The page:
Stephen Sedgwick believes the remuneration-related risk that referrers pose to borrowers is “much lower” than the risk with brokers, with whom they share comparable upfront commissions.
Both the ABA-initiated Sedgwick review and the ASIC report into broker remuneration found that introducers and referrers receive almost as much upfront commission as mortgage brokers and aggregators.
“There was no evidence available to the review that led us to conclude that poor outcomes were resulting from introducer and referrer activity. Given the limited role available to introducers and referrers, the remuneration-related risk would seem much lower than in the case of staff or mortgage brokers,” Mr Sedgwick said in his report.
However, he noted that due to the “limited work” undertaken by referrers compared to mortgage brokers, the upfront commission paid to them for a successful ‘sale’ appears to be “disproportionately high”.
Mr Sedgwick believes this is a matter for the commercial judgement of the relevant banks.
ASIC’s report proposed that the remuneration of referrers be reviewed by lenders to ensure it is not leading to poor outcomes. The regulator will follow up with lenders to ensure that they are properly managing risks with referrers.
“We also propose that lenders significantly increase their governance and oversight of the referrer channel as for brokers to ensure that misconduct is not occurring,” ASIC said.
Mr Sedgwick agreed with ASIC that banks should review their arrangements with introducers and referrers to ensure they remain appropriate.
“ASIC may wish to investigate the practices of these third parties and the justification for such payments in due course,” he said.
“One issue for consideration is whether such payments persist at these levels because banks are reluctant to take the competitive risk of being the first to move rates down to a more justifiable level.”
Last month, The Adviser ran a number of news stories on the referral model that revealed the sophisticated nature of the industry, which mirrors mortgage broking with the existence of aggregators providing a range of services to referrers such as real estate agents, property developers and accountants.
One of the stories received strong reactions from brokers. One broker described the mortgage referral industry as a “dirty truth” that is widespread, and questioned what action ASIC was taking.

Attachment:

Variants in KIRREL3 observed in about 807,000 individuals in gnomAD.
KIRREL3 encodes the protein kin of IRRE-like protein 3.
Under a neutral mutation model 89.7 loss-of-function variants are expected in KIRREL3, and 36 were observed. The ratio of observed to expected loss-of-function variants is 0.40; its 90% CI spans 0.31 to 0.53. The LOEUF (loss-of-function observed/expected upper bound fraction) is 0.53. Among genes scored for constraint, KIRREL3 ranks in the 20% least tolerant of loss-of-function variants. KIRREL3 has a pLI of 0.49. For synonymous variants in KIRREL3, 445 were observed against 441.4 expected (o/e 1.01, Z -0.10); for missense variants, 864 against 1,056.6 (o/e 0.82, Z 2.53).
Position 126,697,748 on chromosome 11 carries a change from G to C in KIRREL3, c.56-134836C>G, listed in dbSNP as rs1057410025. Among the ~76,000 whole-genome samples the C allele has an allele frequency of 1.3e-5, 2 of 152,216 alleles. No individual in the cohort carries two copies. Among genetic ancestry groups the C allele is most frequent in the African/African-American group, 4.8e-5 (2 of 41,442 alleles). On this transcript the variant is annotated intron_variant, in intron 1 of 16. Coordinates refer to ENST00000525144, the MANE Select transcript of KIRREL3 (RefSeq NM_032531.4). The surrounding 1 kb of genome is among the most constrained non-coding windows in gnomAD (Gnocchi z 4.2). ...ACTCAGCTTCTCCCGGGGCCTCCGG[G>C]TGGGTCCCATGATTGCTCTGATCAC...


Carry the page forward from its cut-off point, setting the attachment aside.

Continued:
Another broker alleged that some banks pay trail commissions to referrers.
Mortgage broker Ken Olds said he was “very pleased” that the ASIC review had made the referral model more public.
“It would have been unknown to the regulators when the original inquiry was commissioned,” Mr Olds said.
"I truly hope that ASIC bans these referral arrangements. Referrers should not be able to be paid for referring direct to a lender, which limits a consumer’s choice and, I suspect, has a poor level of disclosure.
“Consumers clearly have the right to go direct to a lender, where they themselves choose to be limited on choice. This right should not be allowed of others. Referrer arrangements do have a place with brokers, where the broker can still provide the full range of choice. Any other arrangements need to be banned.”
James Mitchell has over eight years’ experience as a financial reporter and is the editor of Wealth and Wellness at Momentum Media.
He has a sound pedigree to cover the business of mortgages and the converging financial services sector having reported for leading finance titles InvestorDaily, InvestorWeekly, Accountants Daily, ifa, Mortgage Business, Residential Property Manager, Real Estate Business, SMSF Adviser, Smart Property Investment, and The Adviser.
He has also been published in The Daily Telegraph and contributed online to FST Media and Mergermarket, part of the Financial Times Group.
James holds a BA (Hons) in English Literature and an MA in Journalism.
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